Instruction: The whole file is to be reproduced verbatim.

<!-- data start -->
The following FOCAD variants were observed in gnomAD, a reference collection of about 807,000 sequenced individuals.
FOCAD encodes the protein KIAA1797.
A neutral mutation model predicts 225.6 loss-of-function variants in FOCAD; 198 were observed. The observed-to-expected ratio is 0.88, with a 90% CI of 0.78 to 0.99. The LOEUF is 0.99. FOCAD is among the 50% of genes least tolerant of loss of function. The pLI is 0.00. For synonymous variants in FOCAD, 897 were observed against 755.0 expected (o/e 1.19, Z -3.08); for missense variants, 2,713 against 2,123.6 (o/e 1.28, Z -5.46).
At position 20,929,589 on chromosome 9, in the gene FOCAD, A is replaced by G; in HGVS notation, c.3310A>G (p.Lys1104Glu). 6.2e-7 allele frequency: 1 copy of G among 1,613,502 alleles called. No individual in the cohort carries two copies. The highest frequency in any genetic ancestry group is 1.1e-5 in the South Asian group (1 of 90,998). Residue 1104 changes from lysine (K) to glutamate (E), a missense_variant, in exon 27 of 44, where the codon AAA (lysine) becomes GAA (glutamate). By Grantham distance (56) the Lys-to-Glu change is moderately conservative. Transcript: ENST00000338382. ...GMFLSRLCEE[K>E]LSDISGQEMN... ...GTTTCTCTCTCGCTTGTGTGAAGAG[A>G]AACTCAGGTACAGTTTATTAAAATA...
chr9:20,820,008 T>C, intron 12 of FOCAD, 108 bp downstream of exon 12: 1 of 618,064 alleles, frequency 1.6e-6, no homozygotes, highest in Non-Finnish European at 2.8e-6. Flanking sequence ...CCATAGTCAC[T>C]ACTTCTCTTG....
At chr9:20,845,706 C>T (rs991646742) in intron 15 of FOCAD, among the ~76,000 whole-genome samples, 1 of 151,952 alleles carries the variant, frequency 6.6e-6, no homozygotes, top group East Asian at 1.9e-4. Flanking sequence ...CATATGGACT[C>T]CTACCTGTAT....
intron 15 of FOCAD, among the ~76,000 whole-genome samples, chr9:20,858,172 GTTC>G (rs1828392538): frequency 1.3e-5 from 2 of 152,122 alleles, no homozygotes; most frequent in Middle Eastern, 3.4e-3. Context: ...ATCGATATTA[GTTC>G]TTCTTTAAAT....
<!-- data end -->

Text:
The following FOCAD variants were observed in gnomAD, a reference collection of about 807,000 sequenced individuals.
FOCAD encodes the protein KIAA1797.
A neutral mutation model predicts 225.6 loss-of-function variants in FOCAD; 198 were observed. The observed-to-expected ratio is 0.88, with a 90% CI of 0.78 to 0.99. The LOEUF is 0.99. FOCAD is among the 50% of genes least tolerant of loss of function. The pLI is 0.00. For synonymous variants in FOCAD, 897 were observed against 755.0 expected (o/e 1.19, Z -3.08); for missense variants, 2,713 against 2,123.6 (o/e 1.28, Z -5.46).
At position 20,929,589 on chromosome 9, in the gene FOCAD, A is replaced by G; in HGVS notation, c.3310A>G (p.Lys1104Glu). 6.2e-7 allele frequency: 1 copy of G among 1,613,502 alleles called. No individual in the cohort carries two copies. The highest frequency in any genetic ancestry group is 1.1e-5 in the South Asian group (1 of 90,998). Residue 1104 changes from lysine (K) to glutamate (E), a missense_variant, in exon 27 of 44, where the codon AAA (lysine) becomes GAA (glutamate). By Grantham distance (56) the Lys-to-Glu change is moderately conservative. Transcript: ENST00000338382. ...GMFLSRLCEE[K>E]LSDISGQEMN... ...GTTTCTCTCTCGCTTGTGTGAAGAG[A>G]AACTCAGGTACAGTTTATTAAAATA...
chr9:20,820,008 T>C, intron 12 of FOCAD, 108 bp downstream of exon 12: 1 of 618,064 alleles, frequency 1.6e-6, no homozygotes, highest in Non-Finnish European at 2.8e-6. Flanking sequence ...CCATAGTCAC[T>C]ACTTCTCTTG....
At chr9:20,845,706 C>T (rs991646742) in intron 15 of FOCAD, among the ~76,000 whole-genome samples, 1 of 151,952 alleles carries the variant, frequency 6.6e-6, no homozygotes, top group East Asian at 1.9e-4. Flanking sequence ...CATATGGACT[C>T]CTACCTGTAT....
intron 15 of FOCAD, among the ~76,000 whole-genome samples, chr9:20,858,172 GTTC>G (rs1828392538): frequency 1.3e-5 from 2 of 152,122 alleles, no homozygotes; most frequent in Middle Eastern, 3.4e-3. Context: ...ATCGATATTA[GTTC>G]TTCTTTAAAT....